But the formation of his Quinteto Real (Royal Quintet) in 1960 and his five-decade collaboration as a duo with guitar virtuoso Ubaldo de Lío marked the start of a dazzling new phase in Mr. Salgán’s career.

Liberated from the need to please dancers, he crafted sophisticated instrumentals designed with listeners in mind and achieved “a brilliant balance between tradition and innovation,” music scholars Kacey Link and Kristin Wendland wrote in their recent book, “Tracing Tangueros.”

The composer toyed with countermelody and rhythm, and expressively colored his arrangements with lines for viola, cello and bass clarinet, instruments seldom found in traditional tango. But his best-known compositions — including “A Fuego Lento,” “Don Agustin Bardi” and “Grillito” — remain exquisite, even swooning, melodically. In addition to writing hundreds of his own compositions, he also arranged older tango standards to suit his protean tastes.

Mr. Salgán, who found appreciative audiences in world capitals such as New York, Tokyo and Paris, had survived the fickleness of musical tastes in his home country. By his 80s, he had outlived most of his peers and was revered in Buenos Aires as tango’s elder statesman.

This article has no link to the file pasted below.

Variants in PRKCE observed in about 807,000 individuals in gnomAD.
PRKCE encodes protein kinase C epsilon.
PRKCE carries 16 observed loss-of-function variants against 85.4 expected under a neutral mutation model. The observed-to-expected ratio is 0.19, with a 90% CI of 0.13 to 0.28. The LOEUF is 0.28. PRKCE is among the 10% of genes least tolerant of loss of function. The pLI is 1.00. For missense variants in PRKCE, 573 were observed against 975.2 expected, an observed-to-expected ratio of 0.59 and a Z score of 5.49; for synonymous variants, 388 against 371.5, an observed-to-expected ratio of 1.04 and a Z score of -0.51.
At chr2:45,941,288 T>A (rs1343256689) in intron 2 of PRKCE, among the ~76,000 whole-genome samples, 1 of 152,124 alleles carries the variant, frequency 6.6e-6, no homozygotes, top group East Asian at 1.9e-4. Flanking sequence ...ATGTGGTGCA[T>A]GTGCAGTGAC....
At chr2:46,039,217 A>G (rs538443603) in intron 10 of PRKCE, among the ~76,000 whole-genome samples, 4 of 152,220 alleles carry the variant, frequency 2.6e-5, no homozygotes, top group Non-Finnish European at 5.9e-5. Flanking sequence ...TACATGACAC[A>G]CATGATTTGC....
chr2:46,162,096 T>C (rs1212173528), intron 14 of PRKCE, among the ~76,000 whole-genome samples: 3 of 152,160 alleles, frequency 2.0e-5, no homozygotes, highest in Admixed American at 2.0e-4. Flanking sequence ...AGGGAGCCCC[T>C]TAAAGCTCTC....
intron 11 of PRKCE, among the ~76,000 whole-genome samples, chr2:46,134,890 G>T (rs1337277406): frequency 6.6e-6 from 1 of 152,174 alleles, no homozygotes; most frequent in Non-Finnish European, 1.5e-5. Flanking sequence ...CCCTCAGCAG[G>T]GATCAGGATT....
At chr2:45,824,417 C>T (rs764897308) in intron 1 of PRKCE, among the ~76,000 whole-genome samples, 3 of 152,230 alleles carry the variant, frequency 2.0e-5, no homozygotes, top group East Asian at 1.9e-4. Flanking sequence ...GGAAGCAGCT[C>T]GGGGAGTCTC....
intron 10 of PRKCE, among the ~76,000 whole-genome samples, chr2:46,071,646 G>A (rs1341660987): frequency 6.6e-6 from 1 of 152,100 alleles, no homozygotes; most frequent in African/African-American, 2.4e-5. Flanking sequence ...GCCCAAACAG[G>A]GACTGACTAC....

“We are only now understanding just how important Salgán’s place in tango is,” Argentine-born classical conductor Daniel Barenboim told The Washington Post in 2000. “His hands do not tickle the piano, no, no. He is a man who still plays with great authority. And we don’t know how much longer we’ll have him with us, so this is the time to hang on his every note.”

Barenboim and the Venezuelan conductor Gustavo Dudamel were ardent admirers of Mr. Salgán’s music and were among those who led symphonic tributes to his tangos. The celebrated French pianist Jean-Yves Thibaudet once called Mr. Salgán “probably the only great tango pianist alive” and tried to pursue recording and touring dates with him, but the tango composer had grown too infirm.